meridian

[ muh-rid-ee-uh n ]SEE DEFINITION OF meridian

EXAMPLES FROM THE WEB FOR MERIDIAN

By meridian altitudes of sun, Lyrae (Vega), 32 degrees 15 minutes.

By meridian altitude of sun, camp is in latitude 31 degrees 53 minutes South.

Following is the revised edition of the Decalogue, calculated for this meridian.

Before he reached it the golden sun had begun to decline from his meridian height.

The profuseness of the illuminations outdid the brightness of the meridian sun.

In the French version, it is the 170th meridian, which is clearly wrong.

The Ward and Lock translation changes it to the 117th meridian.

On the 60th day out the meridian of Greenwich was crossed in lat.

Yes, but the meridian of the Palais-Royal is the most exact.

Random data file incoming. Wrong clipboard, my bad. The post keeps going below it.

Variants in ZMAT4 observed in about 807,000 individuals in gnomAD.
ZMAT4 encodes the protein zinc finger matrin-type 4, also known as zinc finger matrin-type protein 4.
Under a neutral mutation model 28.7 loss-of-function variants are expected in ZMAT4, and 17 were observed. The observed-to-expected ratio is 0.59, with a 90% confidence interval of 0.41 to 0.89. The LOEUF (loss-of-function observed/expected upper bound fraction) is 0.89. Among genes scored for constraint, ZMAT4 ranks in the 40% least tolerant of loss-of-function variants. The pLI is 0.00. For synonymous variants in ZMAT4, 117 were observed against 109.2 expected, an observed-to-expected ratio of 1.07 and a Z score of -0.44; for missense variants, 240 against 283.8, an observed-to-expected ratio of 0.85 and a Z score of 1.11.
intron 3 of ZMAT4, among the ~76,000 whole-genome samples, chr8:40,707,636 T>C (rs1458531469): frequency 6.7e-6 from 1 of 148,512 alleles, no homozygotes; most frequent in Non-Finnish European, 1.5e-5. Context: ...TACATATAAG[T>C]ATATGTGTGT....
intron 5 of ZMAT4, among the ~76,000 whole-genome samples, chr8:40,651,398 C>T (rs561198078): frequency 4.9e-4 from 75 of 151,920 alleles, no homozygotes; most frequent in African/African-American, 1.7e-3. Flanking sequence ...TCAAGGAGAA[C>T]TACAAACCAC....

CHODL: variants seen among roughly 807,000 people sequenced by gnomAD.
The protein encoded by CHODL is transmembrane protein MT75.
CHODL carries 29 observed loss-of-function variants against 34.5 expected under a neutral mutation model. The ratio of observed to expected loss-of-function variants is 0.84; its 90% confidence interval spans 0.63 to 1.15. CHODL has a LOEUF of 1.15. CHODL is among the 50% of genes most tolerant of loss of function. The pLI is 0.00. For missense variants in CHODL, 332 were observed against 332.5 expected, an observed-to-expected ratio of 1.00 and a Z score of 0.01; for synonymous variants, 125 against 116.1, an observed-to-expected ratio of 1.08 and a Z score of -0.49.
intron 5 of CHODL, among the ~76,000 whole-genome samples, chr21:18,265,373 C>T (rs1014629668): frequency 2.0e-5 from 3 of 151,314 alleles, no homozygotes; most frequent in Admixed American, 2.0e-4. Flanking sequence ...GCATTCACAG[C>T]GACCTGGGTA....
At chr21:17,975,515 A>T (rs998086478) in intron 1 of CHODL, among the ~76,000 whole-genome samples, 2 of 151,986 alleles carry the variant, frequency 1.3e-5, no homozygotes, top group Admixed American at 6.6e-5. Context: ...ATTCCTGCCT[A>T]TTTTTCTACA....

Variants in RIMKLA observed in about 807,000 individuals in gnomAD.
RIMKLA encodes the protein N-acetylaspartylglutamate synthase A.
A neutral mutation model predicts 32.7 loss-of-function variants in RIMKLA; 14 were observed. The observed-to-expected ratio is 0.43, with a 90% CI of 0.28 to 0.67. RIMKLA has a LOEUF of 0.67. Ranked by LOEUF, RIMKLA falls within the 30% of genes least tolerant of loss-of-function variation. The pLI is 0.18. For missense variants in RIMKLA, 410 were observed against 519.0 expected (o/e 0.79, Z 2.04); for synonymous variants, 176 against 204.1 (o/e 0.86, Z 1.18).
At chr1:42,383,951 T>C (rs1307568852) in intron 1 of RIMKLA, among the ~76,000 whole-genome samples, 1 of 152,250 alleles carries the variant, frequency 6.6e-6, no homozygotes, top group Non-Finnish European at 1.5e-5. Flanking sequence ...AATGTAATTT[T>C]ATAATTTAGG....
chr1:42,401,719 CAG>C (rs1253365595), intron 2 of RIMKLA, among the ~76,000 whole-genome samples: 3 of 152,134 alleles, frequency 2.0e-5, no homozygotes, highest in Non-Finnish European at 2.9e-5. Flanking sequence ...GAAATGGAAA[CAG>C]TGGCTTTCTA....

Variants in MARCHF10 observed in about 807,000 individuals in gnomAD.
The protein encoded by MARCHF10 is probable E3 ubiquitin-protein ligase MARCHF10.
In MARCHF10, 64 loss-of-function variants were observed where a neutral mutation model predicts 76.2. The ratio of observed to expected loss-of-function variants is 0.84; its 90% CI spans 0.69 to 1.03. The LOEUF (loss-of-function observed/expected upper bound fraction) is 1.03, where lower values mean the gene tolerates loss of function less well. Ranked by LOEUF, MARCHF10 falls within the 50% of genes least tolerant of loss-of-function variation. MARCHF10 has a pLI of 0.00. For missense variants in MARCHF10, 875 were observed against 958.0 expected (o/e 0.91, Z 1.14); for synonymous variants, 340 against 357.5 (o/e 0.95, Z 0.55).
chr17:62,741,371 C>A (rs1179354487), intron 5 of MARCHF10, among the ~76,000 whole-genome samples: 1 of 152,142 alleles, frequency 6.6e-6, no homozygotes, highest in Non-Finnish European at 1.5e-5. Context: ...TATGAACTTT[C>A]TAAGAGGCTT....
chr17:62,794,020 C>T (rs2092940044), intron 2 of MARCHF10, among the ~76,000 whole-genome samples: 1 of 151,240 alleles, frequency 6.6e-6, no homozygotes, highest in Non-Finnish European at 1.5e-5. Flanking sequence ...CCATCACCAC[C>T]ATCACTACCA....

The sun, she showed, was long past the meridian and was on its return.

WORD ORIGIN

mid-14c., "noon," from Old French meridien "of the noon time, midday; the Meridian; southerner" (12c.), and directly from Latin meridianus "of midday, of noon, southerly, to the south," from meridies "noon, south," from meridie "at noon," altered by dissimilation from pre-Latin *medi die, locative of medius "mid-" (see medial (adj.)) + dies "day" (see diurnal). Cartographic sense first recorded late 14c. Figurative uses tend to suggest "point of highest development or fullest power."

The city in Mississippi, U.S., was settled 1854 (as Sowashee Station) at a railway junction and given its current name in 1860, supposedly by people who thought meridian meant "junction" (they perhaps confused the word with median).

MORE RELATED WORDS FOR MERIDIAN

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